Subject(s)
Betacoronavirus , Coronavirus Infections/epidemiology , Pandemics , Pneumonia, Viral/epidemiology , Pulmonary Disease, Chronic Obstructive/epidemiology , Age Distribution , Aged , Biomarkers , Cardiovascular Diseases/epidemiology , China/epidemiology , Comorbidity , Coronavirus Infections/blood , Coronavirus Infections/therapy , Critical Care , Diabetes Mellitus/epidemiology , Fatigue/etiology , Female , Humans , Length of Stay/statistics & numerical data , Male , Middle Aged , Neoplasms/epidemiology , Pneumonia, Viral/blood , Pneumonia, Viral/therapy , Pulmonary Disease, Chronic Obstructive/blood , Pulmonary Disease, Chronic Obstructive/therapy , Renal Insufficiency, Chronic/epidemiology , Respiration, Artificial , Sex Distribution , Survivors , Treatment Outcome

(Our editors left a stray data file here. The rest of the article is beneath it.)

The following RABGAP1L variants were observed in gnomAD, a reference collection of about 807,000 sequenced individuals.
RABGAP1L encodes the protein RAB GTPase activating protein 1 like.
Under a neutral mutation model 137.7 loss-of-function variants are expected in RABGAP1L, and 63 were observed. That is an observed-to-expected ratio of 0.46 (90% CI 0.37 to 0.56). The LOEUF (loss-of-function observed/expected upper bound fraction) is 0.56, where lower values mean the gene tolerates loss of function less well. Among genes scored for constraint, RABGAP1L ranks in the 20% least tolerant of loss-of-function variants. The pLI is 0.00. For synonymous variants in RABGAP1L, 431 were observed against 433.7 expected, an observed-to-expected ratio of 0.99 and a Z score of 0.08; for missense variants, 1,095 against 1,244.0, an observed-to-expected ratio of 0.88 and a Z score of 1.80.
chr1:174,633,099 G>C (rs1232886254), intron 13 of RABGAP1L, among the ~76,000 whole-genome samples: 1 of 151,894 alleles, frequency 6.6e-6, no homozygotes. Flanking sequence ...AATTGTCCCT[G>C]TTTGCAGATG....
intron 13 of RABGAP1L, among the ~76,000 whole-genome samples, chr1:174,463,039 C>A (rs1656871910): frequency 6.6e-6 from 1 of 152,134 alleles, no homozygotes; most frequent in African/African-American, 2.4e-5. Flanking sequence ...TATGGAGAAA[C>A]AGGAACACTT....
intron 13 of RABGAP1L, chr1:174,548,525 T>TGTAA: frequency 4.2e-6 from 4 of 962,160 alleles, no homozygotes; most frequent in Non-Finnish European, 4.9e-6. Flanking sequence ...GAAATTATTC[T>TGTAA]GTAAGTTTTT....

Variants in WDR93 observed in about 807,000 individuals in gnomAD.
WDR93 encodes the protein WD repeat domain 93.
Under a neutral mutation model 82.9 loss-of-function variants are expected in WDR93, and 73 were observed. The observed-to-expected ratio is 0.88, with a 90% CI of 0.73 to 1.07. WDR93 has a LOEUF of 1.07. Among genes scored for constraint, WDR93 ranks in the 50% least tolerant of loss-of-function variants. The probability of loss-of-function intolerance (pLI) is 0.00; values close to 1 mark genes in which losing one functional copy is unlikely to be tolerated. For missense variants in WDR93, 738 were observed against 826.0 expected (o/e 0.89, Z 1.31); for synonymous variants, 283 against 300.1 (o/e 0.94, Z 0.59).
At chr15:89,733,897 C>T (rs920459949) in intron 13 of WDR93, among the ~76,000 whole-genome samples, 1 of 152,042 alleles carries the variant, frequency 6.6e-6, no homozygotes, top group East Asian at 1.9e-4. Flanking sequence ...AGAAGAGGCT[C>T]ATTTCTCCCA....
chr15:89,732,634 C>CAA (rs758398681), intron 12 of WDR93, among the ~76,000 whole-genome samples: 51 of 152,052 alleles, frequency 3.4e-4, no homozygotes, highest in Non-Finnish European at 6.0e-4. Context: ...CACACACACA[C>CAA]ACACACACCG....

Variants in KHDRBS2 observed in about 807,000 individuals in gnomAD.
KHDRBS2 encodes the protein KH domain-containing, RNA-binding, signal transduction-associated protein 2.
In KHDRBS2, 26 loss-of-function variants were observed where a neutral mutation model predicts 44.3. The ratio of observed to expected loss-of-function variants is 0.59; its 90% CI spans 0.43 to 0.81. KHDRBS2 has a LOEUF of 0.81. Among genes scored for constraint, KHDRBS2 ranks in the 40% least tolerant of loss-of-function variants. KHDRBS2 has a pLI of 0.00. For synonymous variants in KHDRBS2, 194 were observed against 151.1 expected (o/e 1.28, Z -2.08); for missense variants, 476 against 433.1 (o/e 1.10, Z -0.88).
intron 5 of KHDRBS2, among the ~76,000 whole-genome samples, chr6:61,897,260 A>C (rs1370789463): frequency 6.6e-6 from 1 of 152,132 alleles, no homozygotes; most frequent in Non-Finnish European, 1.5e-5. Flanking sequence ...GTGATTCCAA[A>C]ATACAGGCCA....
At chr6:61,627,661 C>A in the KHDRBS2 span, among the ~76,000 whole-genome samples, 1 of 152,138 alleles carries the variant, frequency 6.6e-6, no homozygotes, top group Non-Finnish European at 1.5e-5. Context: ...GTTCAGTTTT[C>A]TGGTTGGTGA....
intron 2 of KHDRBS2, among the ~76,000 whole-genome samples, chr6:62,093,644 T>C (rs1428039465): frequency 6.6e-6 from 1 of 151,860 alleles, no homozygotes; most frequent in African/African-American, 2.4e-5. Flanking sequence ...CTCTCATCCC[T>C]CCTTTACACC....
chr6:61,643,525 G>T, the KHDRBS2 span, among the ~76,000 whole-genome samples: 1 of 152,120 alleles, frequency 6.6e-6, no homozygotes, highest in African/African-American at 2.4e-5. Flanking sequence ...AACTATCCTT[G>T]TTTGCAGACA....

15.
BMC Med ; 18(1): 270, 2020 09 03.
Article in English | MEDLINE | ID: covidwho-742409

ABSTRACT